Two recent events on opposite sides of the United States will have significant implications for industries ranging from high-tech electronics and aircraft engines to commodities like cans and cutting tools, whose supply chains source minerals like gold and ores containing tantalum, tin, and tungsten. In Washington, D.C., the financial reform legislation passed by a House-Senate conference committee early June 25 included a provision requiring companies to publicly report on their use of so-called “conflict minerals” from the Democratic Republic of the Congo (DRC) and neighboring countries. And in California’s Silicon Valley, the trustees of Stanford University have voted to support shareholder resolutions on the same subject.

These regulatory and investor actions demonstrate that stakeholder campaigns focused on the eastern DRC—the site of the world’s deadliest conflict since World War II—are gaining increasing attention. The region’s trade in minerals used as raw materials in many products plays a critical role in funding armed groups in the DRC, and the use of these minerals in the information and communications technology (ICT) sector has been the focus of several NGO campaigns.

In part due to the NGO focus on the ICT sector, that industry may be the best prepared to handle any new supply chain transparency requirements. Already, ICT industry efforts are underway to develop supply chain verification procedures for “conflict free” tantalum and tin. However, the lion’s share of conflict minerals (except for tantalum) are used outside of ICT, and increased investor pressure and government legislation, if passed into law, will force many companies in other industries to address this issue.

As companies come to grips with the demands being placed on them, it’s important to keep the bigger picture in mind: The goal is not to eliminate minerals sourced from the eastern DRC. The goal, ultimately, is to end the conflict and the resulting suffering faced by those in the region. One of the ways that companies can support this goal is by developing transparent and verifiably conflict-free supply chains for minerals from the region, which will support the economic development and security that the region needs.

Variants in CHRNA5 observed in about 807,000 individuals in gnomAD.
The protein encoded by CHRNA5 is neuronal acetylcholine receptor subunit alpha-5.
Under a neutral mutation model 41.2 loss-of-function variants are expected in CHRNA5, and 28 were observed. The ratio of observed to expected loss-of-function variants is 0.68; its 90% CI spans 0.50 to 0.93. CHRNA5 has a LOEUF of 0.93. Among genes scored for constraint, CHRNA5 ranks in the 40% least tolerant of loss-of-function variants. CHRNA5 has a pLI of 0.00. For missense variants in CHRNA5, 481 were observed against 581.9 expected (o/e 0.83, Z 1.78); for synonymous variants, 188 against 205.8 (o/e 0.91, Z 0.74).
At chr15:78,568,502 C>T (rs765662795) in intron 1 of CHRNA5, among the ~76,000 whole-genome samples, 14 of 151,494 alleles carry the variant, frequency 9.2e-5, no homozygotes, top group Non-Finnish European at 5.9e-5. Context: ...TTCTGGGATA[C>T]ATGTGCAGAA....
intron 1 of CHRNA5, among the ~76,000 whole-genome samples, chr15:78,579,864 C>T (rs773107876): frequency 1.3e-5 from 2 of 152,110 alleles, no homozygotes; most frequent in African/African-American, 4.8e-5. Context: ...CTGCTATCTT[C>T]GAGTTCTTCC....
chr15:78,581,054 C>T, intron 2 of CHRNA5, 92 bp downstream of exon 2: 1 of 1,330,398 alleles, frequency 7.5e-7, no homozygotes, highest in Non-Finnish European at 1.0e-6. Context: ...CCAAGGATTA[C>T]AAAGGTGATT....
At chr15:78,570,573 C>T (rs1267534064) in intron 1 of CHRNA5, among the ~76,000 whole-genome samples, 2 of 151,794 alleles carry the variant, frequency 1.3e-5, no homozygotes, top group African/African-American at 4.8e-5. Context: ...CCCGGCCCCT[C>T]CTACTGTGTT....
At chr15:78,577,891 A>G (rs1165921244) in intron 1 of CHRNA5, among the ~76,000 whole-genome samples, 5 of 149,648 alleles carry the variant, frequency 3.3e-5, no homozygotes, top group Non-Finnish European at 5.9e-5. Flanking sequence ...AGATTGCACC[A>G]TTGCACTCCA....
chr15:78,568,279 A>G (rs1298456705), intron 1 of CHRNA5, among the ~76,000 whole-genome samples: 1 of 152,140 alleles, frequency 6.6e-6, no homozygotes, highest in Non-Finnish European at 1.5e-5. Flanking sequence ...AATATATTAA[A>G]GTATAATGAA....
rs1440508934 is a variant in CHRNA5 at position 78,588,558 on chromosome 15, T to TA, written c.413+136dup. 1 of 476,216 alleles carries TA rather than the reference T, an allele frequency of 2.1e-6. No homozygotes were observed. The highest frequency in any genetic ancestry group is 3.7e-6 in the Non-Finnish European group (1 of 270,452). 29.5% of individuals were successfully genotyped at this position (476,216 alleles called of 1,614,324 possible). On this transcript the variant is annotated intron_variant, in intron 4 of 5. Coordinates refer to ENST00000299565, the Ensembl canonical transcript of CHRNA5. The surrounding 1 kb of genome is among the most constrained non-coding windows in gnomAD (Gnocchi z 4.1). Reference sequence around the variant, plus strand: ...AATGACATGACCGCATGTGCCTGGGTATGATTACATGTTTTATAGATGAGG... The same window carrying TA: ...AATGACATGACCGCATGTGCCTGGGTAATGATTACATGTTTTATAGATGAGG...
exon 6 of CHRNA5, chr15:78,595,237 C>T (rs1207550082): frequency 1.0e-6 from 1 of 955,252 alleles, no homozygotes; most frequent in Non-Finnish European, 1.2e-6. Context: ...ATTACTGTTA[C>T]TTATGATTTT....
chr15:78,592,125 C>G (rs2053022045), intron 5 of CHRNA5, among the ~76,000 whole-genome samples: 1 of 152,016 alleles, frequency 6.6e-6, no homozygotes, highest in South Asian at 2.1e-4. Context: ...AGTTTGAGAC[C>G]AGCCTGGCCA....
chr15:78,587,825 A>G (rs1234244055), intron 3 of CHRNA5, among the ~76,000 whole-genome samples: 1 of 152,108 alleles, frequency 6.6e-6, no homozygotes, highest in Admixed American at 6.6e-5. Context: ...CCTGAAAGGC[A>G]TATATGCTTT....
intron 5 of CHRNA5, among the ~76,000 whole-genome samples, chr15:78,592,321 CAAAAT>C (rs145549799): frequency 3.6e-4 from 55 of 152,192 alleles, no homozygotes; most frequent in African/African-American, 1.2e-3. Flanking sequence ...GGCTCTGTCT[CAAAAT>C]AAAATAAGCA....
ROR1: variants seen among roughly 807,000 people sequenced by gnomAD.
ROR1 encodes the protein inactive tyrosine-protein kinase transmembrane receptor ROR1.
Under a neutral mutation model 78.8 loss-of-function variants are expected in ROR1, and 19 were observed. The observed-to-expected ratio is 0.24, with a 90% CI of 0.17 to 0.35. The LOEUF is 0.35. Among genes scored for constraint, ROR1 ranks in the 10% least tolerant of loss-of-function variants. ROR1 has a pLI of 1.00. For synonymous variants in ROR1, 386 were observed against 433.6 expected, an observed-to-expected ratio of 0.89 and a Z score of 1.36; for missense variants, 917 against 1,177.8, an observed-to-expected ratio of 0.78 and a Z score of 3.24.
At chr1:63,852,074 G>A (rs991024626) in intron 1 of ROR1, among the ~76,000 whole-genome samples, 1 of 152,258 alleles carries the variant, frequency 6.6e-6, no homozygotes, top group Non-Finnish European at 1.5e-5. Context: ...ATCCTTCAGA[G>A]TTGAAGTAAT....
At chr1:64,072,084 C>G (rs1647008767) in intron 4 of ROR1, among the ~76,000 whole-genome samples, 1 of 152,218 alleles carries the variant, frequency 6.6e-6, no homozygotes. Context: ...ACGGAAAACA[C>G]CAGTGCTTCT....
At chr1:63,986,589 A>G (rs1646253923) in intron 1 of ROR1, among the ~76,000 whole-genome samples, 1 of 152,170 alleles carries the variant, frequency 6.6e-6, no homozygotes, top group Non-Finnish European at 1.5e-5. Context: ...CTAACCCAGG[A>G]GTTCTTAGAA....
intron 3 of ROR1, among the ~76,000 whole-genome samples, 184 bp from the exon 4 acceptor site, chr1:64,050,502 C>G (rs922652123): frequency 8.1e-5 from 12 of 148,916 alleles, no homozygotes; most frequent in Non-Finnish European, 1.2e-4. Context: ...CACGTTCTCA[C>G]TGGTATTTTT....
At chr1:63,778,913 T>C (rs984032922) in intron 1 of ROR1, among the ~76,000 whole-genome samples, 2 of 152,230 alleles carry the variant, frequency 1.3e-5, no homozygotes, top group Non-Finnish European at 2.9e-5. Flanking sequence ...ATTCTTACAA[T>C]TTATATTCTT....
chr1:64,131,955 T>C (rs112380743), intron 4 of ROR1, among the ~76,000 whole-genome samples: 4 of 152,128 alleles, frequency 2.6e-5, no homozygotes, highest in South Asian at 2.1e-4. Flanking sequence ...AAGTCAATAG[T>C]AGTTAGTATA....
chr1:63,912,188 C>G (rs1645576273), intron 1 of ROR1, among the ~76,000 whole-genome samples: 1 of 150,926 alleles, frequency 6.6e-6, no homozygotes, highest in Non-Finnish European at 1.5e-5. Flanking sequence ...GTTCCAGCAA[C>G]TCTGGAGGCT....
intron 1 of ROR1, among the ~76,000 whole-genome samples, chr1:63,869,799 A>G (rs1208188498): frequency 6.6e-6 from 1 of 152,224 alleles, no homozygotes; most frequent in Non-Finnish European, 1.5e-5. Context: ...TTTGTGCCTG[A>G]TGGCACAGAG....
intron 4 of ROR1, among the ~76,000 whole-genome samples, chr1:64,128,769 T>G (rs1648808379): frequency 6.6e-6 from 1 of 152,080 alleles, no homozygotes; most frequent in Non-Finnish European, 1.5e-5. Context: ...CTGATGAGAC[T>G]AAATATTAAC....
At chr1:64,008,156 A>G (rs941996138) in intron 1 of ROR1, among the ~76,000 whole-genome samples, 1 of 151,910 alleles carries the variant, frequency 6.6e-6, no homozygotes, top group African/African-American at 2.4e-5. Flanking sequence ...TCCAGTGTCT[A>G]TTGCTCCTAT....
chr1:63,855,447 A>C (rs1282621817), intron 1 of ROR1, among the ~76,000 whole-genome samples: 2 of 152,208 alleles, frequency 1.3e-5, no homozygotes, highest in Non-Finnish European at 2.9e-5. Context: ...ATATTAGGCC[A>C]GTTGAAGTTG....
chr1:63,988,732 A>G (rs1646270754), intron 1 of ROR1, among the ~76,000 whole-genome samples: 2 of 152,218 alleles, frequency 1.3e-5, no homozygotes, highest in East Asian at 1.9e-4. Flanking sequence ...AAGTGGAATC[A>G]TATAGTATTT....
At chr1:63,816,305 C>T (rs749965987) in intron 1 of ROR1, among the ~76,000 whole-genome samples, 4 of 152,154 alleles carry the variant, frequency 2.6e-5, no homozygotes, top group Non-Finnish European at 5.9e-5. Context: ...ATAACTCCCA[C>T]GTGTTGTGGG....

Merely attempting to stop the use of minerals from the region is likely to do little to accomplish the broader goal, for at least two reasons: First, it is nearly impossible, at present, to guarantee a “conflict-free supply chain,” because verification programs are only starting to be implemented and will take time to develop and perfect. Second, a blanket ban on all minerals from the region would affect miners, traders, and others who do not contribute to the conflict, and these individuals—as well as the millions of people in the region who depend on the minerals trade—would face significant hardship if their business were cut off.

Companies now facing pressure on this issue should also consider a strategic approach that goes beyond a focus on supply chain transparency, and may include things like participation in industry or multi-stakeholder groups, support for development programs in the region, and perhaps encouragement of diplomatic efforts to end the conflict. Broader approaches can complement and ensure the success of supply chain efforts, while speeding the stabilization of the region.